This article is from the Bicycles FAQ, by Mike Iglesias with numerous contributions by others.
From: Jobst Brandt <email@example.com>
Date: Fri, 11 May 2001 16:35:42 PDT
Fretting or to fret: to eat or gnaw away, to erode.
In machinery, fretting is the micro-motion of tightly fitting parts
that superficially appear immobile with respect to each other.
Classically, transmission shafts and gears or axles with a press fit
show evidence of motion on disassembly by the presence of rouge, rouge
being iron oxide particles that are generated in such interfaces by
micro-motions far smaller than conventional measuring equipment can
On bicycles such an interface occurs between the square taper on the
pedal crank and its spindle, where rouge is evident on the face of the
steel spindle regardless of whether it was assembled with grease or
not. That fretting occurs is also evident by the need for a retaining
bolt to prevent crank disengagement from its spindle and of pedals
from their crank. Removing a crank requires substantial force with an
extractor, yet continual fretting will disengage the crank in the
absence of a retaining bolt. Likewise pedals are not easily removed,
but without a left hand thread on left pedals, they will unscrew.
In addition to disengaging the press fit of a crank, fretting moves
cranks up the taper until the preload of the retaining and
installation bolt matches the press times the slope of the taper.
That is to say, fretting relaxes surface friction loads in the
interface. Additionally, load distortion of a crank causes it to move
away from the face of the retaining bolt, up the taper of the spindle.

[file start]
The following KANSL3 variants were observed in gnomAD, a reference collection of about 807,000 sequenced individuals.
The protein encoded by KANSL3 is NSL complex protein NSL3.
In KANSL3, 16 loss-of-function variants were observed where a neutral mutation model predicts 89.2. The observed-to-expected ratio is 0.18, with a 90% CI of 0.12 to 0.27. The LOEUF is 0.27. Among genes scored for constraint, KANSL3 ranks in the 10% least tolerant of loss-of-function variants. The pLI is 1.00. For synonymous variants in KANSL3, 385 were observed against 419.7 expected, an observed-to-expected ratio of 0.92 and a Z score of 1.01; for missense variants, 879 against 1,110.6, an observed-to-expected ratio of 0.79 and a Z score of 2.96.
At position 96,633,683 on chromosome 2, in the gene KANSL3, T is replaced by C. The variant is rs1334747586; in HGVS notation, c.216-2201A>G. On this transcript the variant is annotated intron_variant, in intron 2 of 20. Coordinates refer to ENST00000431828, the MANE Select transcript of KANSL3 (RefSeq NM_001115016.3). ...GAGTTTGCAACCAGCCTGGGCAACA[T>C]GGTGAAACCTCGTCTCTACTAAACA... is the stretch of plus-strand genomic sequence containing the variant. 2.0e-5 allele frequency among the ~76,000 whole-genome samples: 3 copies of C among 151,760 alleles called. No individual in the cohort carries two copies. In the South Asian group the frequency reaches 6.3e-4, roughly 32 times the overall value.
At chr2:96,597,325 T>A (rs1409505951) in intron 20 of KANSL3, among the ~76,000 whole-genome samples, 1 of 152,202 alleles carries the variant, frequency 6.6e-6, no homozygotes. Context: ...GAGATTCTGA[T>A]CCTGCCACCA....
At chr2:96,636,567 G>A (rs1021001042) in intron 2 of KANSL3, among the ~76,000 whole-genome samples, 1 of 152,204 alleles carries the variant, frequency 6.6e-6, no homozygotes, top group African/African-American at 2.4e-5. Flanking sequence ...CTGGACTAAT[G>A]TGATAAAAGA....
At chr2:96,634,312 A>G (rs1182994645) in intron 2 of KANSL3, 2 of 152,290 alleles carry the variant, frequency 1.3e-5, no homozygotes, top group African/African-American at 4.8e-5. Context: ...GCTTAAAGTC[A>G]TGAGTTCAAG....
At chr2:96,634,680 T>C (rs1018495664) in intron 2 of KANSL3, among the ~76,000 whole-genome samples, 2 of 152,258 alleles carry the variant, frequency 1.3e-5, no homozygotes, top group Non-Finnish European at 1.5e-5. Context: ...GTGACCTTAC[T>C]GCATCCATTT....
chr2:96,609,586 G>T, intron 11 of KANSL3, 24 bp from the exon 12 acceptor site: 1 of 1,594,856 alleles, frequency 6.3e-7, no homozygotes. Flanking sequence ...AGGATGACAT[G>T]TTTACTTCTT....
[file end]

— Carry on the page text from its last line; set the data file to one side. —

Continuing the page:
Pedals have similar relative motions in the attachment thread and
pressure face on the shoulder of the spindle. This is also a dynamic
joint that appears to be static. In the case of the pedal, fretting
motion is directional and can cause precession by the "wandering" load
whose center of pressure rotates in the crank thread opposite to the
rotation of the crank. Even without clearance, elastic deformation of
the crank and pedal spindle cause micro motions that, if not countered
by an appropriate thread direction, will unscrew the pedal. The
presence of a left hand thread on the left pedal and on many bottom
bracket right side bearing cups is proof that fretting occurs.
If these motions did not occur, then bolt locking devices, such as
cotter pins, lock nuts and lock washers would not be necessary. Most
nuts and bolts so secured do not come loose in service and therefore
should not rotate. Presence of locking means gives evidence that
fretting is more ubiquitous than most people (mechanics and engineers
Fretting in bearings is a different but similar effect, that is the
bane of steering gears and other mechanical devices that are intended
to rotate but are primarily used in a fixed position (straight ahead).
Automotive patents for anti-fretting steering gears abound. Saginaw,
Gemmer, and Ross steering gears come to mind. In bicycles this effect